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Your ability to have sex of course depends on your vaginal health and problems down under. but suffering from gynecologic cancers can just make it worse. A study led by an an Indian-origin scientist says that women diagnosed with gynecologic cancers may experience reduced sexual activity after treatment. Here are 7 tips to keep your vagina healthy.
The team observed that sexual activity was down from 6.1-6.8 times per month before treatment to 2.6-4.9 times per month post treatment. Gynecological cancers include cancer of the cervix, uterus, ovaries, vagina and vulva. It is a topic that not many people want to talk about because it is uncomfortable, said Saketh Guntupalli, assistant professor at the University of Colorado School of Medicine. However, for us it is about maintaining the quality of life after treatment for couples that have gone through it. These women undergo treatments including radiation, chemotherapy, and surgery. Here are 10 shocking facts about the vagina you probably didn't know.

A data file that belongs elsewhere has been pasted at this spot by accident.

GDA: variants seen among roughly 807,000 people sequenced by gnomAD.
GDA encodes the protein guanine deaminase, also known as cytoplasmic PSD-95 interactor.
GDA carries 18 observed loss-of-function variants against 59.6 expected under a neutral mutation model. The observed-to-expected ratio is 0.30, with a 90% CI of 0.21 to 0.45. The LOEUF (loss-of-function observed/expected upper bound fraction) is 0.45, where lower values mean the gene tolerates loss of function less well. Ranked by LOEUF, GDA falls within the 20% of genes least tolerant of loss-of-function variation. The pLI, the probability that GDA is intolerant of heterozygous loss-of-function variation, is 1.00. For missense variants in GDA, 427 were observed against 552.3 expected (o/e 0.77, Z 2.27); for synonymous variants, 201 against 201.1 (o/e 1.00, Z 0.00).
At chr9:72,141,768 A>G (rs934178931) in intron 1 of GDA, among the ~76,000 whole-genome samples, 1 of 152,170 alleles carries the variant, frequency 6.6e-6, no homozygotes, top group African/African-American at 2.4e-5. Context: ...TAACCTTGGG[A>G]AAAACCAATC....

The study involving 315 women assessed sexual and marital dysfunction before and after cancer treatment. In addition to showing an overall decrease in sexual frequency after cancer treatment, the data showed that younger, premenopausal women are at higher risk for sexual dysfunction. So are women who received chemotherapy or are in committed relationships. However, despite decreased sexual activity, the researchers found no accompanying increase in marital dysfunction. We think that if couples are given the option to go to counselling during cancer treatment it may help with their sexual health in the long run, Guntupalli explained. The study was presented at the American Society for Clinical Oncology (ASCO) annual meeting in Chicago recently.
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